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Ideal Concrete Thickness for Garage For Best Strength

What Should the Concrete Thickness for Garage Be?

The IBC Code specifies that the thickness of concrete floor slabs supported directly on the ground shall not be less than 3 1/2″.

However, the concrete thickness for garage slabs should be at the very least 4″ for light loads, 6″ for medium loads and 8″ for heavy loads.

As the popularity of trucks and SUVs has grown, it is best to go for a garage slab thickness of 6″.

Ultimately the slab thickness is only one of the 10 important factors that determine the floor strength. So keep other factors such as base preparation, quality of the concrete mix and admixtures, reinforcement, etc. in mind too.

What is the Best Base For Slab-on-Grade?

A slab-on-grade rests on the “soil support system” below it and is therefore self supporting. The soil support system consists of three layers as under:

Subgrade is the existing soil. Improve it, if required, by the addition of fresh soil. The soil layer is compacted.

Sub Base is several layers of aggregates on top of the subgrade. The aggregate must be of irregular shape and different sizes. The bigger aggregates go at the bottom and the smaller aggregates stay at the top. The sub base is compacted at each stage.

Base consists of layers of gravel and sand over the sub base. This is smoothed out & compacted.

What’s the Best Concrete Mix for Garage Slab?

The 2021 IRC code requires that compressive strength of the concrete slab should be 2500-3500 psi depending on the garage location on the weathering potential map.

However, practically speaking, the best concrete mix for garage floor should have compressive strength of 3500 psi.

The concrete mix ratio required for this is:

  • cement: 1 part
  • sand: 2.5 part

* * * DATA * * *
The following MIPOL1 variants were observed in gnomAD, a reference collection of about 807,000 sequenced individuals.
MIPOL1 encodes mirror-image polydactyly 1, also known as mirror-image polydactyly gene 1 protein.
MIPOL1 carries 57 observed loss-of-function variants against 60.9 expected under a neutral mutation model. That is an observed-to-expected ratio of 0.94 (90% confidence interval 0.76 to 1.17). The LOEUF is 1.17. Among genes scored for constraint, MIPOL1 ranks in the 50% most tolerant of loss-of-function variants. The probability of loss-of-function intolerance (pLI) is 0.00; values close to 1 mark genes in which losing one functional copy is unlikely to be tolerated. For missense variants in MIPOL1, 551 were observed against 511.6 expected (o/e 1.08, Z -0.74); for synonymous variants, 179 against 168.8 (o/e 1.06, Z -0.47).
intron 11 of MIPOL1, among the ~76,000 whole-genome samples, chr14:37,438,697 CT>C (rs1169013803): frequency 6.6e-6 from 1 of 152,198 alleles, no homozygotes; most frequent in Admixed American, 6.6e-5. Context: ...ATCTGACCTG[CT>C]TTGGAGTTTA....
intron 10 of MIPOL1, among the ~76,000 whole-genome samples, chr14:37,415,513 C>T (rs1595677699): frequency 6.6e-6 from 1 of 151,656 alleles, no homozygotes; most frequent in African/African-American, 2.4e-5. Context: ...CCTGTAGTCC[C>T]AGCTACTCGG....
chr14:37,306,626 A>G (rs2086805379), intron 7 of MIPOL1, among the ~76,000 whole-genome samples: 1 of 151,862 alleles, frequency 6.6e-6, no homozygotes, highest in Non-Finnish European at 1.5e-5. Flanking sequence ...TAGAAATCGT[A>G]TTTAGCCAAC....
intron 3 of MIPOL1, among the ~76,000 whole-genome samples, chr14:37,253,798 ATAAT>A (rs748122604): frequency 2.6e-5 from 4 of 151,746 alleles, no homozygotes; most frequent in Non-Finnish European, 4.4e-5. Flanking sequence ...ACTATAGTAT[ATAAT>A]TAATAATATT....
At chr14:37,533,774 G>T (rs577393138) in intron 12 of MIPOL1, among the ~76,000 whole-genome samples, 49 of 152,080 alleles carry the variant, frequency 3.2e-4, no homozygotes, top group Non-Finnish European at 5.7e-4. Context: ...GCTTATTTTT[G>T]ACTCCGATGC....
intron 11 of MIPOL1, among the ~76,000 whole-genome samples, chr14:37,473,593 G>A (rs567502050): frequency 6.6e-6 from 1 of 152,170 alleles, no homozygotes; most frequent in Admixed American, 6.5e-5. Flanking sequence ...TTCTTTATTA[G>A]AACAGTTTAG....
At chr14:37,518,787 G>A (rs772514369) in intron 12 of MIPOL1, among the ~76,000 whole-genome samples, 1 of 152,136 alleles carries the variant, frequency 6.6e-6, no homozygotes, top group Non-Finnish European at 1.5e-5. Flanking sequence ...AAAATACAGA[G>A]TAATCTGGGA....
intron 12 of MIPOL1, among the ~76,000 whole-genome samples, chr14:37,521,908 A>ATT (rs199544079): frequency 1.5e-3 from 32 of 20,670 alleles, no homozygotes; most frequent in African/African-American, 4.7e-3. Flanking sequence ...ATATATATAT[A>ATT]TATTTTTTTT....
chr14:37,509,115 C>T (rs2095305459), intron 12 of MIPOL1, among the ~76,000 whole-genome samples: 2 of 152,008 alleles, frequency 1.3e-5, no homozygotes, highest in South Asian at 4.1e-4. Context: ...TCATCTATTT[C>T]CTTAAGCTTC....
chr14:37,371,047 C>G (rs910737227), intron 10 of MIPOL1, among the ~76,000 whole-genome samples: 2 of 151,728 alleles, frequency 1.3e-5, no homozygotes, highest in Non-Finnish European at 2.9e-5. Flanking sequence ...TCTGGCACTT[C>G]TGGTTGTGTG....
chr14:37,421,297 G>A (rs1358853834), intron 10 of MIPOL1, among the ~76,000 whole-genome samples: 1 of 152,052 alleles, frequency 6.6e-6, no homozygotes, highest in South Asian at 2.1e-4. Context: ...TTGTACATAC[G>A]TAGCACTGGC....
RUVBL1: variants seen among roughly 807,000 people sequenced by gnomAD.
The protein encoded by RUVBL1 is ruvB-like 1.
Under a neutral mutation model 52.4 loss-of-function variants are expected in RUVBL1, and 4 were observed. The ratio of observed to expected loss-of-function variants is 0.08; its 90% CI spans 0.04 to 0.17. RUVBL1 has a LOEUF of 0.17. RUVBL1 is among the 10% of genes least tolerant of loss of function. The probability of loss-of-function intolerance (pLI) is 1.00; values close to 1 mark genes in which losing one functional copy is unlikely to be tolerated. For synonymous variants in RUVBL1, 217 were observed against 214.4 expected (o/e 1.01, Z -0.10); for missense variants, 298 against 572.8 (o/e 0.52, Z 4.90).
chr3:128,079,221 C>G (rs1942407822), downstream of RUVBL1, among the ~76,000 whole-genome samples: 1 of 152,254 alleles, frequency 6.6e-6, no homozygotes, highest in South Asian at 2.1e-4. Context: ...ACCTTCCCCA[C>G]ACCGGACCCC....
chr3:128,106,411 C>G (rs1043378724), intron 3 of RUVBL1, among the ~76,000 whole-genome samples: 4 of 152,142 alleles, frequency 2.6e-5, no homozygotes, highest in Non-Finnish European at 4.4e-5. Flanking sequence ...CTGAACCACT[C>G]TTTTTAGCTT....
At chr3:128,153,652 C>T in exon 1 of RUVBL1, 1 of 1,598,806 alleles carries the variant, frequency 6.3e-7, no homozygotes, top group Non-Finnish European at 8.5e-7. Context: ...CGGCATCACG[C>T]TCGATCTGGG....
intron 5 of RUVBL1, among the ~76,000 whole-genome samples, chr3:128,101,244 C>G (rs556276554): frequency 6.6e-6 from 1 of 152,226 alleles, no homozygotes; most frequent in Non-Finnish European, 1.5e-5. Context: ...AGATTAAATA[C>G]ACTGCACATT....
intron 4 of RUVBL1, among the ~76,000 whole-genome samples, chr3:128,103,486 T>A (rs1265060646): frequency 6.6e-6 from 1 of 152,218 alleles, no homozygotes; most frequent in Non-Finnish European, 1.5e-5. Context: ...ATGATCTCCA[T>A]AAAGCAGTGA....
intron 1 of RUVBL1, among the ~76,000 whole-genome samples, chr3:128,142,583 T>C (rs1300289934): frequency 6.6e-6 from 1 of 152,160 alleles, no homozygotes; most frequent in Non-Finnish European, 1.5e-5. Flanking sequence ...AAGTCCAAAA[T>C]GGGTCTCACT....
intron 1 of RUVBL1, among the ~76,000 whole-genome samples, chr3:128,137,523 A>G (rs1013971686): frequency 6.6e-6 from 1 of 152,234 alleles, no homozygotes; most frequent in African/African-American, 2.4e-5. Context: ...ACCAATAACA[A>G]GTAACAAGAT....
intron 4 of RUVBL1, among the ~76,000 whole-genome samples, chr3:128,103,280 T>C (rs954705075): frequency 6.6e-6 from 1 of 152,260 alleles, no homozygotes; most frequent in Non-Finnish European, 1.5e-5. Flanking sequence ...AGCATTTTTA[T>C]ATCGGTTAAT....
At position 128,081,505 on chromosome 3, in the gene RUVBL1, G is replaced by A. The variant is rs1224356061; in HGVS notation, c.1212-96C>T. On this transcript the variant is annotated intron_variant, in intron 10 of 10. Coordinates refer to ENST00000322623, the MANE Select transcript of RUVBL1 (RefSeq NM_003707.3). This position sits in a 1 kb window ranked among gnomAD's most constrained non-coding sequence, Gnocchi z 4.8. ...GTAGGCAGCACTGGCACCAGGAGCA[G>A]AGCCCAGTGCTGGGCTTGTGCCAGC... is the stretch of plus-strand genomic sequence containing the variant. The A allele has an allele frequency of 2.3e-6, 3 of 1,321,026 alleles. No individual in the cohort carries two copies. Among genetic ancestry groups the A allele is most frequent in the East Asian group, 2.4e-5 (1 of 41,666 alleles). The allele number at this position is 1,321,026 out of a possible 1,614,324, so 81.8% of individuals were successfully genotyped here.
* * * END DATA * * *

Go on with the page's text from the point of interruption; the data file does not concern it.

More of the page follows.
• aggregates: 3 part
  • and water: 0.5 part

Admixtures, Compaction and Curing Conditions also play an important role in the final compressive strength of the slab.

Why Reinforce Concrete Garage Floor Slab?

Reinforcement provides the tensile strength where concrete is in tension, such as in beams and slabs.

Concrete slabs have very high compressive strength but relatively poor tensile strength. But they are under tensile stress too, mainly because of ground movement.

The most common way of reinforcing concrete slabs is by placing deformed steel bars (aka rebars) or steel wire mesh in the form, before pouring the concrete mix .

However, rebars can not and should not be used if the concrete slab thickness is 4” or less. You should reinforce a 4” thick concrete garage floor by using wire mesh or fiber mesh.

Why Compact Concrete After the Pour?

Compaction of wet concrete after the pour removes air voids, packs the concrete particles together and improves the bond between the concrete and reinforcement.

The benefits of compacting concrete after pouring are:

  • Increased strength and durability
  • Improved bond between the concrete and reinforcement
  • Reduced permeability to water and other liquids
  • Reduced risk of cracking and other damage
  • Smoother surface finish
  • Higher abrasion resistance

Vibrating Screeds, Plate Compactors, Bull Floats, Trowels, etc. are some of the tools commonly used for compaction.

How Does Curing Affect Concrete Strength?

When concrete is poured, it is a pliable mixture. Curing is the process which makes concrete rock solid, strong & durable.

The concrete curing process promotes the formation of a crystalline matrix within the concrete mix due to a reaction between water and cement. This is known as hydration.

Curing helps by

  • Retaining moisture as concrete gains strength
  • Delaying shrinkage till concrete can resist shrinkage cracks
  • Giving concrete strength, durability, water tightness & wear resistance

The rate of water evaporation from the freshly poured concrete slab determines the ultimate strength developed.

Thank you very much for reading the post. I do hope you found it informative and useful.

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